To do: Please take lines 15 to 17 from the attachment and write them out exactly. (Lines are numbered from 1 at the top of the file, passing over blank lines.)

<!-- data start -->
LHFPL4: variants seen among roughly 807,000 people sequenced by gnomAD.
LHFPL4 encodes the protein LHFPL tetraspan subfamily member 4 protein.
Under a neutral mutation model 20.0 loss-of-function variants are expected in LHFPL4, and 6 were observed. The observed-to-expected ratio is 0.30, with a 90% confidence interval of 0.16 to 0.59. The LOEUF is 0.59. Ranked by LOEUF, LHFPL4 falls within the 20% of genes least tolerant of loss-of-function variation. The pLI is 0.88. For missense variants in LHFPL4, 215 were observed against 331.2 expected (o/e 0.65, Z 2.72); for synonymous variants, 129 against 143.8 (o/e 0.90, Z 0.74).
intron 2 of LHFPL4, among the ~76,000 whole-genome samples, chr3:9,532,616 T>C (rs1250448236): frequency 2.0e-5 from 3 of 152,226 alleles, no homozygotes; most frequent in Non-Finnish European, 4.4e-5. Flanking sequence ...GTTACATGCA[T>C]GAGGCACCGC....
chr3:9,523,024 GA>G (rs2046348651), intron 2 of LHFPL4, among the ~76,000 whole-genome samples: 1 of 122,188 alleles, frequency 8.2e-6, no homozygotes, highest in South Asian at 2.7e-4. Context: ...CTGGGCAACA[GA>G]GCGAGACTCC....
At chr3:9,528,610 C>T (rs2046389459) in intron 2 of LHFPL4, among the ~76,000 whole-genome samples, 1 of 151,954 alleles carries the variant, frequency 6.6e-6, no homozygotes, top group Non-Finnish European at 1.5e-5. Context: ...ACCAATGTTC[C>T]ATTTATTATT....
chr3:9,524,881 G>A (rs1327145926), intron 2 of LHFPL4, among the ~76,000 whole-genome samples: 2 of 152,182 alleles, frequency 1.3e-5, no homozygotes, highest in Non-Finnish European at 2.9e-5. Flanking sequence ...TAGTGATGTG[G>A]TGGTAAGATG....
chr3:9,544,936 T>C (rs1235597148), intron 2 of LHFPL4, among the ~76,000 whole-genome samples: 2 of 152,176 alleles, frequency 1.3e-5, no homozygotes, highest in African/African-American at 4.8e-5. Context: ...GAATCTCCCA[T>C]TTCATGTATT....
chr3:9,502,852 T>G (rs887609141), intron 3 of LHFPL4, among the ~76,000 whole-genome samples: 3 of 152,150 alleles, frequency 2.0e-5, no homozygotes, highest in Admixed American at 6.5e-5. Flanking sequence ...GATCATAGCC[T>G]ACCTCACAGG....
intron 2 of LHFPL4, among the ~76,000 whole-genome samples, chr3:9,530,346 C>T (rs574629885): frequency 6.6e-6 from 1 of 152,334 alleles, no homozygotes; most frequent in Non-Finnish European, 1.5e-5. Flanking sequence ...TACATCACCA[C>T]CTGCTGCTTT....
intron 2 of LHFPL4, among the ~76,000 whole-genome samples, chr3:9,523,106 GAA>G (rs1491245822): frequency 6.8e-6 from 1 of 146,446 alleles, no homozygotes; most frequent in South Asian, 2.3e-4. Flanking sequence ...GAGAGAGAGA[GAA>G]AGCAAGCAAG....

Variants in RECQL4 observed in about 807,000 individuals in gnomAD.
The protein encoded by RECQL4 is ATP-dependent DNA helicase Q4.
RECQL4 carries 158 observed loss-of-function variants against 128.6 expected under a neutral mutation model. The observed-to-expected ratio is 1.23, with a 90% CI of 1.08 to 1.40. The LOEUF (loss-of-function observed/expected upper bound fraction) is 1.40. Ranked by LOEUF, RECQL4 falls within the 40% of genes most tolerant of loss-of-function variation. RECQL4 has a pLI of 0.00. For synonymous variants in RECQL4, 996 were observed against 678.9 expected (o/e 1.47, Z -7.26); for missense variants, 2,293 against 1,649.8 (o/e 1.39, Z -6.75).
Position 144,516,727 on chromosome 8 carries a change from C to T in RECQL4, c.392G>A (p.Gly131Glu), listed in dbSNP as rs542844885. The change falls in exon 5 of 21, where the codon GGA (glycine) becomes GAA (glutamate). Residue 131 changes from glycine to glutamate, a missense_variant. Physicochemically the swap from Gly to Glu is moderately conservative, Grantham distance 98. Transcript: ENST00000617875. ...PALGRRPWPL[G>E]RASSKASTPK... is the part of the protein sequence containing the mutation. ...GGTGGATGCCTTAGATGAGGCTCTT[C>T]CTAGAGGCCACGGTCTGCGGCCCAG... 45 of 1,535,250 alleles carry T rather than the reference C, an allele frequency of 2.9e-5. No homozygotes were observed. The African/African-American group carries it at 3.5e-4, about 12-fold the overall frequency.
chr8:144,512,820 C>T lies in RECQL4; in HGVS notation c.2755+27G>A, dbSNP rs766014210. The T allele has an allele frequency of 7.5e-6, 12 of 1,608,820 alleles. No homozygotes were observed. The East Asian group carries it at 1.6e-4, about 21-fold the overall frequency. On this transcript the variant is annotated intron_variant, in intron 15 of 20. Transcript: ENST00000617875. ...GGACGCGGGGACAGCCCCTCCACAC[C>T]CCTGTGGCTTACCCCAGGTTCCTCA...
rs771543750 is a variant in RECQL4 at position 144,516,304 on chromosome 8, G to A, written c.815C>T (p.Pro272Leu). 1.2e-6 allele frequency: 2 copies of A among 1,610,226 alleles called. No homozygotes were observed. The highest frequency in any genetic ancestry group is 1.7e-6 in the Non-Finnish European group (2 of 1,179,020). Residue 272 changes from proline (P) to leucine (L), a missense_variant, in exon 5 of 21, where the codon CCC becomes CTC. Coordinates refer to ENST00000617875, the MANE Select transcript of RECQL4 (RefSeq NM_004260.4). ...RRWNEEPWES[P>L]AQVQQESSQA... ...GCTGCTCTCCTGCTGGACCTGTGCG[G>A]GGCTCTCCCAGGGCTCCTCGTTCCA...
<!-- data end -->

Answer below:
Position 144,516,727 on chromosome 8 carries a change from C to T in RECQL4, c.392G>A (p.Gly131Glu), listed in dbSNP as rs542844885. The change falls in exon 5 of 21, where the codon GGA (glycine) becomes GAA (glutamate). Residue 131 changes from glycine to glutamate, a missense_variant. Physicochemically the swap from Gly to Glu is moderately conservative, Grantham distance 98. Transcript: ENST00000617875. ...PALGRRPWPL[G>E]RASSKASTPK... is the part of the protein sequence containing the mutation. ...GGTGGATGCCTTAGATGAGGCTCTT[C>T]CTAGAGGCCACGGTCTGCGGCCCAG... 45 of 1,535,250 alleles carry T rather than the reference C, an allele frequency of 2.9e-5. No homozygotes were observed. The African/African-American group carries it at 3.5e-4, about 12-fold the overall frequency.
chr8:144,512,820 C>T lies in RECQL4; in HGVS notation c.2755+27G>A, dbSNP rs766014210. The T allele has an allele frequency of 7.5e-6, 12 of 1,608,820 alleles. No homozygotes were observed. The East Asian group carries it at 1.6e-4, about 21-fold the overall frequency. On this transcript the variant is annotated intron_variant, in intron 15 of 20. Transcript: ENST00000617875. ...GGACGCGGGGACAGCCCCTCCACAC[C>T]CCTGTGGCTTACCCCAGGTTCCTCA...
rs771543750 is a variant in RECQL4 at position 144,516,304 on chromosome 8, G to A, written c.815C>T (p.Pro272Leu). 1.2e-6 allele frequency: 2 copies of A among 1,610,226 alleles called. No homozygotes were observed. The highest frequency in any genetic ancestry group is 1.7e-6 in the Non-Finnish European group (2 of 1,179,020). Residue 272 changes from proline (P) to leucine (L), a missense_variant, in exon 5 of 21, where the codon CCC becomes CTC. Coordinates refer to ENST00000617875, the MANE Select transcript of RECQL4 (RefSeq NM_004260.4). ...RRWNEEPWES[P>L]AQVQQESSQA... ...GCTGCTCTCCTGCTGGACCTGTGCG[G>A]GGCTCTCCCAGGGCTCCTCGTTCCA...